V.        Sample Discussion Questions


A.     What stimulated the bees to attack?

The bees were agitated and reacted to alarm pheromone.

B.     Once stimulated, what did the attackers focus on?

Dark hairy objects

C.     Why might the bees show such an attack preference?

Common mammal predators are often dark colored and hairy. Sensitive areas such as the nose, mouth, and ears are also dark.

D.    Have you ever seen a bee attack before or been attacked?  If so, what do you think stimulated the bee’s response? 

You could talk about your personal experience, or that of someone you know

E.     What are some strategies for avoiding Africanized bee attacks?

Keep away from nesting areas and be alert when active in outdoor areas where bees and their nests are common.  Close off any openings in and around your home that might make a good nest site if Africanized bees are known to inhabit your area.

F.      Why changes might be caused by Africanized bees introduced into an ecosystem in which they weren’t formerly present?

Africanized bees could outcompete native bees with their aggressive behavior and faster rates of reproduction. However, there is controversy about whether Africanized bees truly have had a significant impact on native bee populations. If they do have such an impact, nest sites and available food may become dominated causing declines or even extinctions in native bee populations.  This could lead to declines, extinctions, and other changes in the plant communities that depend on bees for their reproduction and, in turn, changes in the animal populations that depend on those plants for survival.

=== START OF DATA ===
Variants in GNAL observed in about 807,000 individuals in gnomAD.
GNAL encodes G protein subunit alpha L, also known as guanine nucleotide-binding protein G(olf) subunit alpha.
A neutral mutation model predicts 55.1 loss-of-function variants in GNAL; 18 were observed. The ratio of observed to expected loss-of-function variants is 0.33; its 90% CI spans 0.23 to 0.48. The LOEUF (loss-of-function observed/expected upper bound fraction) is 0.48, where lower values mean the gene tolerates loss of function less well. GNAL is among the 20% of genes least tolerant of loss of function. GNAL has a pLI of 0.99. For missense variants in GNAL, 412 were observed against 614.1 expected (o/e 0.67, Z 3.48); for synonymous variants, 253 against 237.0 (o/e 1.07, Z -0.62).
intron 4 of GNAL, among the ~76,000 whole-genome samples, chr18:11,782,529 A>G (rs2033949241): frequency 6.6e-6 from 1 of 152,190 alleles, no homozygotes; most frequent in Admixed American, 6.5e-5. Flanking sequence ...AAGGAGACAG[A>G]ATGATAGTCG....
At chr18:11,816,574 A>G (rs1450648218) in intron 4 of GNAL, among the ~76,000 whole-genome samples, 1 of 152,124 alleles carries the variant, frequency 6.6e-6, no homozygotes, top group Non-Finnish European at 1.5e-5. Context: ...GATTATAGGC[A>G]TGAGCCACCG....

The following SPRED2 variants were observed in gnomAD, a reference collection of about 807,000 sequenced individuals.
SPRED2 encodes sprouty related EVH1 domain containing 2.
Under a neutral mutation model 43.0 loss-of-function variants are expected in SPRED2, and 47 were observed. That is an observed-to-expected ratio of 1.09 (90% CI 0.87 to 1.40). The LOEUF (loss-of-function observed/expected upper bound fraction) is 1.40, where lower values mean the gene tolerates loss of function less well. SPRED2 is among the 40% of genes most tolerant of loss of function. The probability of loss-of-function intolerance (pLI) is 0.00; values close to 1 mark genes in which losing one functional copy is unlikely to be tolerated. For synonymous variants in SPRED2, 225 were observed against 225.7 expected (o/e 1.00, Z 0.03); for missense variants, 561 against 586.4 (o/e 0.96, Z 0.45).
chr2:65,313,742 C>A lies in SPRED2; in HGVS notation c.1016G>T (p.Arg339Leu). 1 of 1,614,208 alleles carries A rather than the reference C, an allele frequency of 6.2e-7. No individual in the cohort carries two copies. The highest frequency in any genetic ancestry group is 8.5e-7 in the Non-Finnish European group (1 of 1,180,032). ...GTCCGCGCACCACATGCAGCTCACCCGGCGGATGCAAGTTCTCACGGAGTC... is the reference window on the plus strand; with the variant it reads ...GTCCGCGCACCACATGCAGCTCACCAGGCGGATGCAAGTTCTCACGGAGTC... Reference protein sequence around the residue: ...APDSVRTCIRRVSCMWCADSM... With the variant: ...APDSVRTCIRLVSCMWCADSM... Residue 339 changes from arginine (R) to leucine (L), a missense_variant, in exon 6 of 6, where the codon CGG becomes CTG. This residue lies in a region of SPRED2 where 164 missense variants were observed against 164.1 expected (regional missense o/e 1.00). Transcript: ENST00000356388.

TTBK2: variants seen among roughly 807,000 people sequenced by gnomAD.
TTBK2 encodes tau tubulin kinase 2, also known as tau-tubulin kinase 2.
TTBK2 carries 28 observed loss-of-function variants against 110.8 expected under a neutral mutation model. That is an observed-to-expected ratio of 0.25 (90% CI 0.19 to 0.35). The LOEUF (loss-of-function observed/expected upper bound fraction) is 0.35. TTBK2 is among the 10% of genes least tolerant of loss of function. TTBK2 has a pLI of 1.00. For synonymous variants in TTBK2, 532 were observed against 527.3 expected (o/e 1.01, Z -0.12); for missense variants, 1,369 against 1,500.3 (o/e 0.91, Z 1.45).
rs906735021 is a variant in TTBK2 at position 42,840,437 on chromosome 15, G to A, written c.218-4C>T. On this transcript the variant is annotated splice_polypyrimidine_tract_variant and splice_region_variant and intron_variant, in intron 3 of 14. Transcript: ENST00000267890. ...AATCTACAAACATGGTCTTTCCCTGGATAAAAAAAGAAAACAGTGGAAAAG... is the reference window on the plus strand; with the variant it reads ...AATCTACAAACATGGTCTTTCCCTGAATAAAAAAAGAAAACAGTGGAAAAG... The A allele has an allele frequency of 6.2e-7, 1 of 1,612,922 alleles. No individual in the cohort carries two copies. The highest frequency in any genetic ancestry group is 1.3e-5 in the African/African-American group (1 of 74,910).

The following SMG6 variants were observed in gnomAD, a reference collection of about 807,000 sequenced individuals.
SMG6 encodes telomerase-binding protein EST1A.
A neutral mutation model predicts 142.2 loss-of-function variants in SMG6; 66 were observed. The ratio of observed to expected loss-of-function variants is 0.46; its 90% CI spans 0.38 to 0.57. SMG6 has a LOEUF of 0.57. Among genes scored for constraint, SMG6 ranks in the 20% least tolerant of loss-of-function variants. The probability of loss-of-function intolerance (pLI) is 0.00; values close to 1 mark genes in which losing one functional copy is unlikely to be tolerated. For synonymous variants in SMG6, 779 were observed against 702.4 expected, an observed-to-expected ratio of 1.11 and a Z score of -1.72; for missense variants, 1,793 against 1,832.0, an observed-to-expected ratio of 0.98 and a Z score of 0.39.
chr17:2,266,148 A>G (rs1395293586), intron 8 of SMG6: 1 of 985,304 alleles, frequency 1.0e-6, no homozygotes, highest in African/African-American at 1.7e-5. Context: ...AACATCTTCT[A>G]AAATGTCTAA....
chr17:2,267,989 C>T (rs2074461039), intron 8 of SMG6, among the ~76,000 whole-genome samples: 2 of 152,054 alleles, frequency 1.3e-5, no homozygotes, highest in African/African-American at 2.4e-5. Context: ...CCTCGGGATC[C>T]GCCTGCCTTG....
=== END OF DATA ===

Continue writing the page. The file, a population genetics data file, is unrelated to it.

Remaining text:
VI.       Sample Conclusions


VII.           References


Collins, A.M., 1985. Africanized honeybees in Venezuela: defensive behaviour. Proceedings of

the Third International Conference on Apiculture in Tropical Climates, Nairobi, Kenya.

International Bee Research Association: 117-122.

Crane, E., 1990. Bees and beekeeping: science, practice, and world resources. Ithaca, New

York, Cornell University Press, 109-111.

Hunt, G.J., Guzman-Novoa, E., Fondrk, M.K., Page, R.E., 1998. Quantitative trait loci for

honey bee stinging behavior and body size. Genetics 148: 1203-1213.

Winston, M.L., 1992. Killer bees: the Africanized honey bee in the Americas. Cambridge, Mass,

Harvard University Press.